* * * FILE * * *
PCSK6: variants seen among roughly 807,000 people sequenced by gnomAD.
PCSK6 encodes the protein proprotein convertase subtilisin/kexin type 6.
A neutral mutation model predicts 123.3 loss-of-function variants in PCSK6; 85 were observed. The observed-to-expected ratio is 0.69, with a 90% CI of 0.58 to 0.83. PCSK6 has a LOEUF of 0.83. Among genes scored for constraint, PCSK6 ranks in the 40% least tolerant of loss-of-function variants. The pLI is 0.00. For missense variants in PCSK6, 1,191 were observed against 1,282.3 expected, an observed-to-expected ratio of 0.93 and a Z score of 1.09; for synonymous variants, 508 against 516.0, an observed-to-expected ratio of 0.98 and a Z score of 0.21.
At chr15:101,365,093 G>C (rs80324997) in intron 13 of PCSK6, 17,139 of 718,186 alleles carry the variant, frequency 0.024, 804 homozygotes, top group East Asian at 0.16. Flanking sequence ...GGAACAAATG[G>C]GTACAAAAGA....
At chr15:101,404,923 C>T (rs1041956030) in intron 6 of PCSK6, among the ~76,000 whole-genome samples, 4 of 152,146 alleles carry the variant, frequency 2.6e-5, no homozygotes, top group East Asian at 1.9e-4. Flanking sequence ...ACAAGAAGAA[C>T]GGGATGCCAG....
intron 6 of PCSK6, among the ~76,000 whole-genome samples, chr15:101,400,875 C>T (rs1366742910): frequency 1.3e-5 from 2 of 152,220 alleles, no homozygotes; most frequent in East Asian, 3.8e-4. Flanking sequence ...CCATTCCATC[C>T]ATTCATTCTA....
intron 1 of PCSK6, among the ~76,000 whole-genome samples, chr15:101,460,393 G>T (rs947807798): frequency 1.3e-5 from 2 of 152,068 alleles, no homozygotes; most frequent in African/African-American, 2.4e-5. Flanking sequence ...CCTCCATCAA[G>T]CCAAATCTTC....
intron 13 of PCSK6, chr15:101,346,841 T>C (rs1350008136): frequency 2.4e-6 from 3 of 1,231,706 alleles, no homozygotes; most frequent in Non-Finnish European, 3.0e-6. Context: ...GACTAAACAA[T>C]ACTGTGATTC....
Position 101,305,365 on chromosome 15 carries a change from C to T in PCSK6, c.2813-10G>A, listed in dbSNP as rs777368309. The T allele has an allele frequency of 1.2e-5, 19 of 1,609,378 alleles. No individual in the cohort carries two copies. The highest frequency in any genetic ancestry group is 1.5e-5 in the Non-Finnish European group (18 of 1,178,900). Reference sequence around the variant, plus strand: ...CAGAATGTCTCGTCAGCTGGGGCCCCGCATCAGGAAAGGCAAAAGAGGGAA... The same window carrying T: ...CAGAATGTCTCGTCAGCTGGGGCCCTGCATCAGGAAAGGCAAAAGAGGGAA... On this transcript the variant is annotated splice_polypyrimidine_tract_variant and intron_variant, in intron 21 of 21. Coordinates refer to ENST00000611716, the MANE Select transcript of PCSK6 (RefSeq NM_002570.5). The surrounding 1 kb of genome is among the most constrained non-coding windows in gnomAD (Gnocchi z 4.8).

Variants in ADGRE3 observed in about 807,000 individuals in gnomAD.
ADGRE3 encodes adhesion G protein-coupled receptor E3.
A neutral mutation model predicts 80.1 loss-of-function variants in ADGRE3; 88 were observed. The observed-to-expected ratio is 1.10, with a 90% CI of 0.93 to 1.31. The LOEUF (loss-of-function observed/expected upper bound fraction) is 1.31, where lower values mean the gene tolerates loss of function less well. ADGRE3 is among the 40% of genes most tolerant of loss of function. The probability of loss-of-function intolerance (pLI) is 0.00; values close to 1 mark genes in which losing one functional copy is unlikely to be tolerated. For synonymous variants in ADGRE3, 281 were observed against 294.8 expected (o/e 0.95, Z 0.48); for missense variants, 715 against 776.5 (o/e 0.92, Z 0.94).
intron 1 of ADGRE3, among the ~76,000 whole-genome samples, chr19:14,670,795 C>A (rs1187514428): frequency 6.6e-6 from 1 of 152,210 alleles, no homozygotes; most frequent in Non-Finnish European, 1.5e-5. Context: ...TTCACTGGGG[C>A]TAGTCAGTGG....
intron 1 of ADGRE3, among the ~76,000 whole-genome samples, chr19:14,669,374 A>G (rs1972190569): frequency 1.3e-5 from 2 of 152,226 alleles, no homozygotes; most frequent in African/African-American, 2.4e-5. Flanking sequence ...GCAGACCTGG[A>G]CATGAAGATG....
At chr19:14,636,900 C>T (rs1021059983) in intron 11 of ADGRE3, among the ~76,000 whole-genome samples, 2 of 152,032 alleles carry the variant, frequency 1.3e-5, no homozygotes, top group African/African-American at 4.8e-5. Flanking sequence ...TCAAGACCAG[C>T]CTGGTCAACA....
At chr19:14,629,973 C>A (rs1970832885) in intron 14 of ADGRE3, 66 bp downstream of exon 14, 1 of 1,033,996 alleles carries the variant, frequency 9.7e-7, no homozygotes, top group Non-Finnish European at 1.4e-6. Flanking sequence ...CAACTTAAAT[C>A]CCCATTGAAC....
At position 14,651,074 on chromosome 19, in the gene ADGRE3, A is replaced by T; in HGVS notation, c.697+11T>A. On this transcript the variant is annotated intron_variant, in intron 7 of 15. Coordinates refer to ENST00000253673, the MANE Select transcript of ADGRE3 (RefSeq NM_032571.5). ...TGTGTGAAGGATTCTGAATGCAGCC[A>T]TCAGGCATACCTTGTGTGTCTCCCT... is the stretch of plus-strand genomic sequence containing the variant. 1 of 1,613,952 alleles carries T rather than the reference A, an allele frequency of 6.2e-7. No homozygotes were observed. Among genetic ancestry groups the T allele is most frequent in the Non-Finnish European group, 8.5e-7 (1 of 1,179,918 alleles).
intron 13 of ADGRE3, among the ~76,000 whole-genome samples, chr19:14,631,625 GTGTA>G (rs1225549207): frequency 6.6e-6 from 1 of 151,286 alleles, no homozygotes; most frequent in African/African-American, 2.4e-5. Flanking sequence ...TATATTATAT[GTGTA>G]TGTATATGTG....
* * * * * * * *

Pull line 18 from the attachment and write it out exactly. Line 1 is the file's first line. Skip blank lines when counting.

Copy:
intron 13 of ADGRE3, among the ~76,000 whole-genome samples, chr19:14,631,625 GTGTA>G (rs1225549207): frequency 6.6e-6 from 1 of 151,286 alleles, no homozygotes; most frequent in African/African-American, 2.4e-5. Flanking sequence ...TATATTATAT[GTGTA>G]TGTATATGTG....